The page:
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According to Bales, 1999, the concept behind SYMLOG is that "every act of behavior takes place in a larger context, that it is a part of an interactive field of influences." Further, "the approach assumes that one needs to understand the larger context -- person, interpersonal, group, and external situation -- in order to understand the patterns of behavior and to influence them successfully." With SYMLOG, measurement procedures are used to assess individual behavior patterns and values, as well as to observe these patterns and values in their larger context (Bales, 1999).
The theory is based on findings that are the result of systematic observation of real groups, and performing research to observe the ways in which individuals with different kinds of personalities affect each other in task-oriented groups. This research was conducted over a long period of time with business teams and organizations in the United States and other countries. The methods used have been proven as valid, reliable, and relevant to a wide range of conditions and are intended to improve productivity and performance, increase satisfaction, and reduce stress by understanding the group better (Bales, 1999).
According to Bales, (1999), SYMLOG application may include "assessment of the teamwork and leadership potential of individuals for selection and training, leadership training, and the training of educators in a broad sense, including teachers, coaches, therapists, and other professionals who work primarily with people. The method also provides information and facilities for many kinds of fundamental and applied research in social psychology and sociology."
Due to Bale's groundbreaking theory and extensive research, SYMLOG became the foundation for the SYMLOG Consulting Group (SCG.) the organization is dedicated to the ongoing development and practical use of SYMLOG in applied and academic settings. Located in San Diego, California, SCG is still thriving today, with offices and representatives in thirty countries (SYMLOG Consulting Group Website, 2010).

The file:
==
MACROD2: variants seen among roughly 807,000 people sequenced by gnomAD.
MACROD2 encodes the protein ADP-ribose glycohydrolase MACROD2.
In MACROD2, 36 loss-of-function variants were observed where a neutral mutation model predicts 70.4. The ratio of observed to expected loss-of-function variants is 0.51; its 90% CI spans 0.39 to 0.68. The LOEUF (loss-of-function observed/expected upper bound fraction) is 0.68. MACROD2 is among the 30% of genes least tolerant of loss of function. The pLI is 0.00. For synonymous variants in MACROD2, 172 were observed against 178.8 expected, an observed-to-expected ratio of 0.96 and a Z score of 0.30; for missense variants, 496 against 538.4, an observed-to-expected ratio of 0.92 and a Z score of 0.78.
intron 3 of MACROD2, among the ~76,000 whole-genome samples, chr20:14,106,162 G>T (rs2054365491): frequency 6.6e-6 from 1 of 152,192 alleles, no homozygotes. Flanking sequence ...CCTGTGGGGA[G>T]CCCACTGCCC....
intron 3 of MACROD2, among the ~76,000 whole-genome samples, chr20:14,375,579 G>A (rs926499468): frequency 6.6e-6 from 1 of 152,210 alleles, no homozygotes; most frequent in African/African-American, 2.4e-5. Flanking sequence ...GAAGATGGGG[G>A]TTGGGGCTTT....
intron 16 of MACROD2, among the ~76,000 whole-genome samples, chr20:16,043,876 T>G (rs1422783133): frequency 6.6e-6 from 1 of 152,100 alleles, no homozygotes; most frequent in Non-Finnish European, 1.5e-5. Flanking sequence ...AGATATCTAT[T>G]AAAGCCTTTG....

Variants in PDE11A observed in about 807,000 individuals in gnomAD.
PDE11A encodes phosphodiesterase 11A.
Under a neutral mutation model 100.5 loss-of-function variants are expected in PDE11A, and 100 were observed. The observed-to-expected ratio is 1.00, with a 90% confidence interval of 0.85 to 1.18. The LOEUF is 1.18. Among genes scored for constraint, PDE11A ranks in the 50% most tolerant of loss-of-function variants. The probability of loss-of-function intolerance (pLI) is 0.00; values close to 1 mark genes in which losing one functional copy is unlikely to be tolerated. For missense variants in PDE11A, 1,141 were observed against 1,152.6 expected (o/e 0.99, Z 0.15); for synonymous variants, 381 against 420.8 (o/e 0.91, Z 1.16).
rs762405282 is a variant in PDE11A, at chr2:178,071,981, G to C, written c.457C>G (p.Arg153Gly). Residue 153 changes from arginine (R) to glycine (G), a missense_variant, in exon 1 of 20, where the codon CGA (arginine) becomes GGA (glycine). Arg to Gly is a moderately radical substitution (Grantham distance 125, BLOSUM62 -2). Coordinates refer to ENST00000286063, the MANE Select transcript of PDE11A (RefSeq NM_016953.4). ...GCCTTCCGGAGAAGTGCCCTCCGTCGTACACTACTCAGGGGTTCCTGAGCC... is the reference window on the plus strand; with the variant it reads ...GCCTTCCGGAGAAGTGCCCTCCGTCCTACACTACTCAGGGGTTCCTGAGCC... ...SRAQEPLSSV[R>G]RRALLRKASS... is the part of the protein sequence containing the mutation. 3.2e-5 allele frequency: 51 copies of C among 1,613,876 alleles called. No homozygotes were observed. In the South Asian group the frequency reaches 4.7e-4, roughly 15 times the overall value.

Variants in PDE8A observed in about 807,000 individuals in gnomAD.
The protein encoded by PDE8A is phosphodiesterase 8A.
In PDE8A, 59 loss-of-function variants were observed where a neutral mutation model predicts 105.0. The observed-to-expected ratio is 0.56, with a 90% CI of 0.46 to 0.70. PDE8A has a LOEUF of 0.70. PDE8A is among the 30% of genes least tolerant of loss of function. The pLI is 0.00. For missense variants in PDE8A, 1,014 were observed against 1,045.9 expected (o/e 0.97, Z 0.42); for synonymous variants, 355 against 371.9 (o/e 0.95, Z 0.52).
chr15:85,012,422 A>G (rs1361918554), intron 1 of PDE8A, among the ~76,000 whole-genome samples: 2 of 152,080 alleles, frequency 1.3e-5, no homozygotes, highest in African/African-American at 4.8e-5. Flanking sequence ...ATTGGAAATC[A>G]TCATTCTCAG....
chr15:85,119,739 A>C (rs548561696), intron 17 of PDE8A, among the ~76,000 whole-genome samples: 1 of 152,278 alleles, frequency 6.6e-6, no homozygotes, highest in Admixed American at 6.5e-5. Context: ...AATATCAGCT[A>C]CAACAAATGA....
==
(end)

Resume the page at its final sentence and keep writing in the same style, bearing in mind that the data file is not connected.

Kenneth D. Bailey
An American sociologist and systems scientist, Kenneth Bailey was born in 1943. In 1963, he completed his BS in mathematics, earned an MA in sociology in 1966, and a PhD in sociology in 1968. Bailey became a professor of sociology at the University of California, Los Angeles and is currently a professor emeritus (Wikipedia Website, 2009). Bailey is also a member of the American Sociological Association, the Society for the Study of Social Problems, and the International Society for the Systems Sciences (ISSS), where he was president in 2003, (ISSS website, 2007). He has written several books, but for the purposes of this paper, we will focus on Sociology and the New Systems Theory, Toward a Theoretical Synthesis (Bailey, 1994). In the book, Bailey's goal was to present a more integrated perspective on social systems theory, and for the first time, he attempted to synthesize the interrelated approaches of living systems theory, social entropy theory, and autopoiesis. To Bailey, there had been a serious lack of integration in the systems movement, "One of the guiding principles of the systems movement is the need for integration," (Bailey, 1994, p.xiii).
According to Bailey, the integration of these three approaches is what he refers to as the "new systems theory" or the "new social systems theory," as it applies only to systems approaches that directly contribute to social science (Bailey, 1994, p. xiii).
Living systems theory
The culmination of some thirty years of effort, James Grier Miller led a number of scholars in the development of the living systems theory. Living systems theory is considered to be a concrete systems approach, which is defined as being "anchored in physical space-time, and is an interrelated (nonrandom) set of objects such as persons or other organisms." An abstracted system, however, "has relationships or roles as the basic units of analysis rather than objects."
To Miller, concrete systems are preferred because they are easier to understand, operationalize, and provide clear links from the social sciences to other disciplines, (i.e., natural sciences) (Bailey, 1994, p. 169). Miller identifies a living system as a system that maintains a state of negentropy, taking in energy and information. As stated by Miller, "The living systems are a special subset of the set of all possible concrete systems…They all have the following characteristics:
They are open systems, with significant inputs, throughputs, and outputs of various sorts of matter-energy and information.
They maintain a steady state of negentropy even though entropic changes occur in them as they do everywhere else. This they do by taking in inputs of foods or fuels, matter-energy higher in complexity or organization or negentropy, ie. Lower in entropy, than their outputs (Bailey, 1994, p. 169)."